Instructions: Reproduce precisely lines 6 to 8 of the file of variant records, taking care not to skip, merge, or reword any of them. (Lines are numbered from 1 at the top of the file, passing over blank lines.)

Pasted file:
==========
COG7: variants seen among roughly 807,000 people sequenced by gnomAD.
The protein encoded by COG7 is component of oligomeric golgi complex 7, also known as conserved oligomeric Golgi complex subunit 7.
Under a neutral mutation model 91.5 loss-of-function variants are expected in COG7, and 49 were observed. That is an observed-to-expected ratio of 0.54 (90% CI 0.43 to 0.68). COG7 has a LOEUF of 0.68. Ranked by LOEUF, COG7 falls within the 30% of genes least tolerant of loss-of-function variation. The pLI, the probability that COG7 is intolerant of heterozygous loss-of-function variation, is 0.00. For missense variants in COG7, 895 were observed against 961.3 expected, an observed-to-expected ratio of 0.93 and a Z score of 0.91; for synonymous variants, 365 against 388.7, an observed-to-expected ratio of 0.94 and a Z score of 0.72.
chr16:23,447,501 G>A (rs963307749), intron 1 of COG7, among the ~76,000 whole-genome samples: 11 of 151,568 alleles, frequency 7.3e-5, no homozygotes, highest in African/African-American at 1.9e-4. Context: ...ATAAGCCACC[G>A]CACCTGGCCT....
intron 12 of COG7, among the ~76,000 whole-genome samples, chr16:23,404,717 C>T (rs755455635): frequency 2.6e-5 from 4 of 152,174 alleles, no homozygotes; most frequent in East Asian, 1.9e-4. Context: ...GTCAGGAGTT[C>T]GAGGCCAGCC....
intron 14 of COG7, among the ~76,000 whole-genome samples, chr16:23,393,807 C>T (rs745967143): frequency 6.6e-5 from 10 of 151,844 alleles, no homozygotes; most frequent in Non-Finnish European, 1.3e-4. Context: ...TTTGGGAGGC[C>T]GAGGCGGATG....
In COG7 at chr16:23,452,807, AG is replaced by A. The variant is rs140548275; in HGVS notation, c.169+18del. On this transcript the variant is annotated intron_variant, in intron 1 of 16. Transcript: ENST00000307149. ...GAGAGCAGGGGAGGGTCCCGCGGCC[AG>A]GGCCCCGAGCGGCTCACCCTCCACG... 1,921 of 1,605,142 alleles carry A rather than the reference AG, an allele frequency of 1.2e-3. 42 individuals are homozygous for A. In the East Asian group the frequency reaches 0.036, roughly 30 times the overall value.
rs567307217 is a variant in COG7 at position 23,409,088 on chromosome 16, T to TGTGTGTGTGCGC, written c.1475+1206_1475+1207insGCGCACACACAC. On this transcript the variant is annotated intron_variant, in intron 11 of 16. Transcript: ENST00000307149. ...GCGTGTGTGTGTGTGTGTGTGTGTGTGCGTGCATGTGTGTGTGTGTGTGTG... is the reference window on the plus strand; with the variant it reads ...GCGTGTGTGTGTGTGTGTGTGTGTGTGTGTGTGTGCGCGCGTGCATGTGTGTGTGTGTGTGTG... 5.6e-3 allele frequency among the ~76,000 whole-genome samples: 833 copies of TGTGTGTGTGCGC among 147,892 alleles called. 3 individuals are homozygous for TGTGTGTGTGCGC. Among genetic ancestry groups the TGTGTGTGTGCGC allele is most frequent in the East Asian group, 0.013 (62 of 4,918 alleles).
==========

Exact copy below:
intron 14 of COG7, among the ~76,000 whole-genome samples, chr16:23,393,807 C>T (rs745967143): frequency 6.6e-5 from 10 of 151,844 alleles, no homozygotes; most frequent in Non-Finnish European, 1.3e-4. Context: ...TTTGGGAGGC[C>T]GAGGCGGATG....
In COG7 at chr16:23,452,807, AG is replaced by A. The variant is rs140548275; in HGVS notation, c.169+18del. On this transcript the variant is annotated intron_variant, in intron 1 of 16. Transcript: ENST00000307149. ...GAGAGCAGGGGAGGGTCCCGCGGCC[AG>A]GGCCCCGAGCGGCTCACCCTCCACG... 1,921 of 1,605,142 alleles carry A rather than the reference AG, an allele frequency of 1.2e-3. 42 individuals are homozygous for A. In the East Asian group the frequency reaches 0.036, roughly 30 times the overall value.
rs567307217 is a variant in COG7 at position 23,409,088 on chromosome 16, T to TGTGTGTGTGCGC, written c.1475+1206_1475+1207insGCGCACACACAC. On this transcript the variant is annotated intron_variant, in intron 11 of 16. Transcript: ENST00000307149. ...GCGTGTGTGTGTGTGTGTGTGTGTGTGCGTGCATGTGTGTGTGTGTGTGTG... is the reference window on the plus strand; with the variant it reads ...GCGTGTGTGTGTGTGTGTGTGTGTGTGTGTGTGTGCGCGCGTGCATGTGTGTGTGTGTGTGTG... 5.6e-3 allele frequency among the ~76,000 whole-genome samples: 833 copies of TGTGTGTGTGCGC among 147,892 alleles called. 3 individuals are homozygous for TGTGTGTGTGCGC. Among genetic ancestry groups the TGTGTGTGTGCGC allele is most frequent in the East Asian group, 0.013 (62 of 4,918 alleles).